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Midwifery. 1999 Jun;15(2):92-6.

Feeding outcome in breast-fed term babies supplemented by cup or bottle.

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  • 1St Mary's Maternity Hospital, Portsmouth, UK.



To describe the feeding method at discharge from midwifery care of term babies supplemented either by cup or bottle while in hospital.


A retrospective review of the obstetric and midwifery records of 531 consecutively born babies.


A large maternity unit, with an integral General Practitioner Unit, in an inner city in the south of England.


63 term breast-feeding babies; 30 supplemented by cup and 33 supplemented by bottle.


Breast feeding on discharge from midwifery care.


There were no significant differences between the bottle and cup supplementation groups in relation to feeding outcome (OR 1 94 95% CI 0.61, 6.31), or in the length of time from the beginning of supplementation to leaving hospital (median difference 1 95% CI 0, 1) or discharge from midwifery care (median difference 0 95% CI, -1, 1). Babies who received supplements of expressed breast milk, as opposed to artificial milk, were more likely to be supplemented by cup (OR 4 29, 95% CI 0.9, 26.91; p = 0.05), but were not more likely to be discharged from midwifery care breast feeding (OR 3.79, 95% CI 0.69, 38.36).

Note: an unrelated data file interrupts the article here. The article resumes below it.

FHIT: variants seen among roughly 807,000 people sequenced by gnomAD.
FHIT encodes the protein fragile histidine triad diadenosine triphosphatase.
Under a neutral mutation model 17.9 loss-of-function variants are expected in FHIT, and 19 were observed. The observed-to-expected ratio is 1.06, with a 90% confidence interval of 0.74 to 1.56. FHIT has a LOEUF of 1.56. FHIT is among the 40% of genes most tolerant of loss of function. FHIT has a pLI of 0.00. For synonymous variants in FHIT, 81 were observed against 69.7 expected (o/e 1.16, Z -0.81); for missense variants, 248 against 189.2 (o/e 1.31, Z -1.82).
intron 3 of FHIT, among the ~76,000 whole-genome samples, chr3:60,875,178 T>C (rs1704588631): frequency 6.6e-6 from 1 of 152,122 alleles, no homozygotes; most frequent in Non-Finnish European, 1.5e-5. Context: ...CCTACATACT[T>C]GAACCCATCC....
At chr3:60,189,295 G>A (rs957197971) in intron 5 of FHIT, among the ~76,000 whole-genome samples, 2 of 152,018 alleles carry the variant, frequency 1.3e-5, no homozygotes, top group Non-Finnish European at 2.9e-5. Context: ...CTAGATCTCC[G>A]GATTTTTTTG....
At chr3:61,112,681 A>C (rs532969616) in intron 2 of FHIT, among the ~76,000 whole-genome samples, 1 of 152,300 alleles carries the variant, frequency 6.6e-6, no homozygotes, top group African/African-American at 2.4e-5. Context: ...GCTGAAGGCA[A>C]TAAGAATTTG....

Owing to the small scale and retrospective nature of this survey, its results must be viewed with caution. However, given the apparent lack of evidence in this area, prospective work should be undertaken to examine the most appropriate method of supplementation for term babies. Generalisation from work related to babies in special care baby units is no longer acceptable.

[PubMed - indexed for MEDLINE]
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